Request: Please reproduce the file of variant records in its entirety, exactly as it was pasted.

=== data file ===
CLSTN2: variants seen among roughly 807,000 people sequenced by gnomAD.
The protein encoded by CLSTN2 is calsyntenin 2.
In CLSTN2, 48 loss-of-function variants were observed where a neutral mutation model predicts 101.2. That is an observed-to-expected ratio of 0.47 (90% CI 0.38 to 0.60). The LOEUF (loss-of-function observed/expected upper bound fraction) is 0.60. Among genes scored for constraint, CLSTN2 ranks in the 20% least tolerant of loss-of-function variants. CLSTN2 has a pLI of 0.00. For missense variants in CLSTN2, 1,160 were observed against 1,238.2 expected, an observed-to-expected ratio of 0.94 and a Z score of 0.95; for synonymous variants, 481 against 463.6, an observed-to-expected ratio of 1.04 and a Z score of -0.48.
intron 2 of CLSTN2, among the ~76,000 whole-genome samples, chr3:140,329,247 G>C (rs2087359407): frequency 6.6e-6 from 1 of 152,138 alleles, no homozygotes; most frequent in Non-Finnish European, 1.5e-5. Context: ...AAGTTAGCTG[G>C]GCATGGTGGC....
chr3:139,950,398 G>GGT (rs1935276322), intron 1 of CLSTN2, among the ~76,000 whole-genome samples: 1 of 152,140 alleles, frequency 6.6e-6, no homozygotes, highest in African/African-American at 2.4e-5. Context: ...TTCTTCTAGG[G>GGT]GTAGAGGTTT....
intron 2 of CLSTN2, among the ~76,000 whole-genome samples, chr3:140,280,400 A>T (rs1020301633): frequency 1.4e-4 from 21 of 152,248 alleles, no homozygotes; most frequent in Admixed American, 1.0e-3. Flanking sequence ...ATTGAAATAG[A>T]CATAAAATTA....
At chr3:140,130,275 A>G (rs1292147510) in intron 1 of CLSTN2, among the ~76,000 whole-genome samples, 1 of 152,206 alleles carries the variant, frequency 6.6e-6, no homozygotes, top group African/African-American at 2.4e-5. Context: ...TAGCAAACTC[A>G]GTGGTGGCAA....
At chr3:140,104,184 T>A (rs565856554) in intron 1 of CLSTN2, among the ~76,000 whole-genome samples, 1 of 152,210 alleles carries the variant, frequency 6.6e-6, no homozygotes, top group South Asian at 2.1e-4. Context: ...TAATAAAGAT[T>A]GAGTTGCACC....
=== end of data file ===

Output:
CLSTN2: variants seen among roughly 807,000 people sequenced by gnomAD.
The protein encoded by CLSTN2 is calsyntenin 2.
In CLSTN2, 48 loss-of-function variants were observed where a neutral mutation model predicts 101.2. That is an observed-to-expected ratio of 0.47 (90% CI 0.38 to 0.60). The LOEUF (loss-of-function observed/expected upper bound fraction) is 0.60. Among genes scored for constraint, CLSTN2 ranks in the 20% least tolerant of loss-of-function variants. CLSTN2 has a pLI of 0.00. For missense variants in CLSTN2, 1,160 were observed against 1,238.2 expected, an observed-to-expected ratio of 0.94 and a Z score of 0.95; for synonymous variants, 481 against 463.6, an observed-to-expected ratio of 1.04 and a Z score of -0.48.
intron 2 of CLSTN2, among the ~76,000 whole-genome samples, chr3:140,329,247 G>C (rs2087359407): frequency 6.6e-6 from 1 of 152,138 alleles, no homozygotes; most frequent in Non-Finnish European, 1.5e-5. Context: ...AAGTTAGCTG[G>C]GCATGGTGGC....
chr3:139,950,398 G>GGT (rs1935276322), intron 1 of CLSTN2, among the ~76,000 whole-genome samples: 1 of 152,140 alleles, frequency 6.6e-6, no homozygotes, highest in African/African-American at 2.4e-5. Context: ...TTCTTCTAGG[G>GGT]GTAGAGGTTT....
intron 2 of CLSTN2, among the ~76,000 whole-genome samples, chr3:140,280,400 A>T (rs1020301633): frequency 1.4e-4 from 21 of 152,248 alleles, no homozygotes; most frequent in Admixed American, 1.0e-3. Flanking sequence ...ATTGAAATAG[A>T]CATAAAATTA....
At chr3:140,130,275 A>G (rs1292147510) in intron 1 of CLSTN2, among the ~76,000 whole-genome samples, 1 of 152,206 alleles carries the variant, frequency 6.6e-6, no homozygotes, top group African/African-American at 2.4e-5. Context: ...TAGCAAACTC[A>G]GTGGTGGCAA....
At chr3:140,104,184 T>A (rs565856554) in intron 1 of CLSTN2, among the ~76,000 whole-genome samples, 1 of 152,210 alleles carries the variant, frequency 6.6e-6, no homozygotes, top group South Asian at 2.1e-4. Context: ...TAATAAAGAT[T>A]GAGTTGCACC....